When you think of Henry Ford, you think of cars almost immediately. Violins probably don't come to mind, do they? While it may come as a surprise to some today, Henry was a lover of violins and classic American music. He loved the fiddle and country dancing, two things that reminded him of his childhood. Henry could often be found in Lovett Hall dancing with Clara Ford as the band played and dances were called throughout the night.
Henry amassed an impressive collection of violins in the early part of the 20th century. Those violins are now within the collections of The Henry Ford, but occasionally they are loaned to other institutions for exhibition or, in the case of Sphinx, loaned to promising young musicians, like Gareth Johnson, to be played for new audiences. Gareth recently played the 1709 Siberian Stradivarius during our National Day of Courage in February.
In this video, Curator of Domestic Life Jeanine Head Miller shares additional insight on Henry and his violins, and why having someone like Gareth play them today would have made him very proud.
Conservators at the Henry Ford Museum are collaborating with violin experts to prepare Henry Ford’s personal violin collection for an upcoming permanent display in Henry Ford Museum. The violins, which have been in storage for a number of years, are being examined, analyzed and in some instances conserved for long-term display and potential use in concerts.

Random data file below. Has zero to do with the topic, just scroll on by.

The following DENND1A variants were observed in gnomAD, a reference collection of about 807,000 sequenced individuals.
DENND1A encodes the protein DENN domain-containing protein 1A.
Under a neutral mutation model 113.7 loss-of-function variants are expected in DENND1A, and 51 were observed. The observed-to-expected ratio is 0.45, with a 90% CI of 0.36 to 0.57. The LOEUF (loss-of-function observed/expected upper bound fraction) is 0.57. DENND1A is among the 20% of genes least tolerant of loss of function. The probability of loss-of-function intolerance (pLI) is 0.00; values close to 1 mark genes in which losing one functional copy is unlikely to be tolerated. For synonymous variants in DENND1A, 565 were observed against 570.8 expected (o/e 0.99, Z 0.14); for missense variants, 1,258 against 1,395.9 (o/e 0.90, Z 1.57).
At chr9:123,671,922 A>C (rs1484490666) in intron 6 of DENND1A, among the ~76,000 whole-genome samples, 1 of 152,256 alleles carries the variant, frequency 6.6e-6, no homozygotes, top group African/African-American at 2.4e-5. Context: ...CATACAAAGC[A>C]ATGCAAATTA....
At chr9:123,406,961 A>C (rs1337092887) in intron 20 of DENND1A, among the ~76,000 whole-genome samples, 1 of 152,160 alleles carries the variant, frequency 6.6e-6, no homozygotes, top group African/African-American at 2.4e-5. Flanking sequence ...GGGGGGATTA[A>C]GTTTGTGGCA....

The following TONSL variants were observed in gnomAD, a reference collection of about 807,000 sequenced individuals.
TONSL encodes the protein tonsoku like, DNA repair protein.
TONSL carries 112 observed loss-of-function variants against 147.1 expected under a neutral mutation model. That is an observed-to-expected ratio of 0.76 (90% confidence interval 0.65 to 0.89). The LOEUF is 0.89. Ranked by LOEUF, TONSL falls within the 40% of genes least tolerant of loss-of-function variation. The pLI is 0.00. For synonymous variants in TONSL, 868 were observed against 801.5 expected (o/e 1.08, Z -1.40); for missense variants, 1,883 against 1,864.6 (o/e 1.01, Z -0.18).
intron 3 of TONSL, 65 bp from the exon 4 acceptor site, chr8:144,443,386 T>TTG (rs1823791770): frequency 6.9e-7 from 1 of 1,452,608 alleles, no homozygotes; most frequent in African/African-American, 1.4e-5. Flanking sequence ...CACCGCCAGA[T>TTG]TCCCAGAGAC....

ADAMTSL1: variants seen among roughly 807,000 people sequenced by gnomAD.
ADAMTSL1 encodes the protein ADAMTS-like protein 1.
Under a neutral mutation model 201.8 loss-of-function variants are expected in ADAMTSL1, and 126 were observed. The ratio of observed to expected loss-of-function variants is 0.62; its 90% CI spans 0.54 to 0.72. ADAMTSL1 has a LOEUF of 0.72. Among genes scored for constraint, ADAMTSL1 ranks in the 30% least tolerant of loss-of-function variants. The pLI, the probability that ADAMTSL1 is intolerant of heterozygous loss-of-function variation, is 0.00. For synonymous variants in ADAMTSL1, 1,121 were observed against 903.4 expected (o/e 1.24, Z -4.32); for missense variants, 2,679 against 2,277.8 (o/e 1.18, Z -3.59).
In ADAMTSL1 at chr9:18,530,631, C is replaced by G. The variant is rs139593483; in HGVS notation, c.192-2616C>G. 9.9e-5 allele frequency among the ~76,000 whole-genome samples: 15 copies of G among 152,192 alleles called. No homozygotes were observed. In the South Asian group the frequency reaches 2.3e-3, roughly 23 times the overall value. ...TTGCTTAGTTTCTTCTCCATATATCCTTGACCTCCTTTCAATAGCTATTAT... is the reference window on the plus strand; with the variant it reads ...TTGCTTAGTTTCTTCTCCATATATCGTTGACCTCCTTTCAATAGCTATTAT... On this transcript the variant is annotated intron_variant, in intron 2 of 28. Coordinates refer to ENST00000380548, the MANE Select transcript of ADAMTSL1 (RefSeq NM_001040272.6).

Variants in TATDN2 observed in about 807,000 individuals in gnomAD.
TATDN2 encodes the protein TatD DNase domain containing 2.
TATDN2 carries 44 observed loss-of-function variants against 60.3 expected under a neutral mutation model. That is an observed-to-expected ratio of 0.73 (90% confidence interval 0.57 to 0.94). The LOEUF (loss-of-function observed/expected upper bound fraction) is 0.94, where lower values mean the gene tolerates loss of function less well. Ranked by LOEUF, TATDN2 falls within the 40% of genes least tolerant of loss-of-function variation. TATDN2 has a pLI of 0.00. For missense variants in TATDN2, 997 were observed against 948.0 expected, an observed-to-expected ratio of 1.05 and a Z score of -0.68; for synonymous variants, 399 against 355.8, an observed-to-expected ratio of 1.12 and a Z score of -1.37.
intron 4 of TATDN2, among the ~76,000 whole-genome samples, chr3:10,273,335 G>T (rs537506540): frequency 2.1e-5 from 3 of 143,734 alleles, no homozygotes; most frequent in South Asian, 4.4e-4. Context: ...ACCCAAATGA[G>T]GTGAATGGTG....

In 2010 master violin restorer Ashot Vartanian of Shar Music in Ann Arbor, Mich., repaired the Bergonzi to prepare it for exhibition and a concert in Cremona, Italy.
Later this year Henry Ford’s 1703 Stradivarius violin will travel to Cremona to replace the Bergonzi, which will return to The Henry Ford for examination and analysis. Sharon Que of Sharon Que Violin Restoration and Repair is currently working with Chief Conservator Mary Fahey to evaluate the condition of the violin and to make necessary repairs. The retention of original varnish and wood as well as the preservation of the extraordinary sound of the violin is paramount.
Radiologist Dr. John Bonnett of Henry Ford Hospital and luthier Ray Schryer (Schryer Violin) partnered with Henry Ford Museum staff in 2010 to create CT scan (computed tomography) images of the violins in a quest for information concerning their condition and past repairs. Among other findings the scans revealed areas of old insect damage, previously unseen by the naked eye, in addition to delicate repairs on the interior of the museum’s Guarneri Del Gesu violin.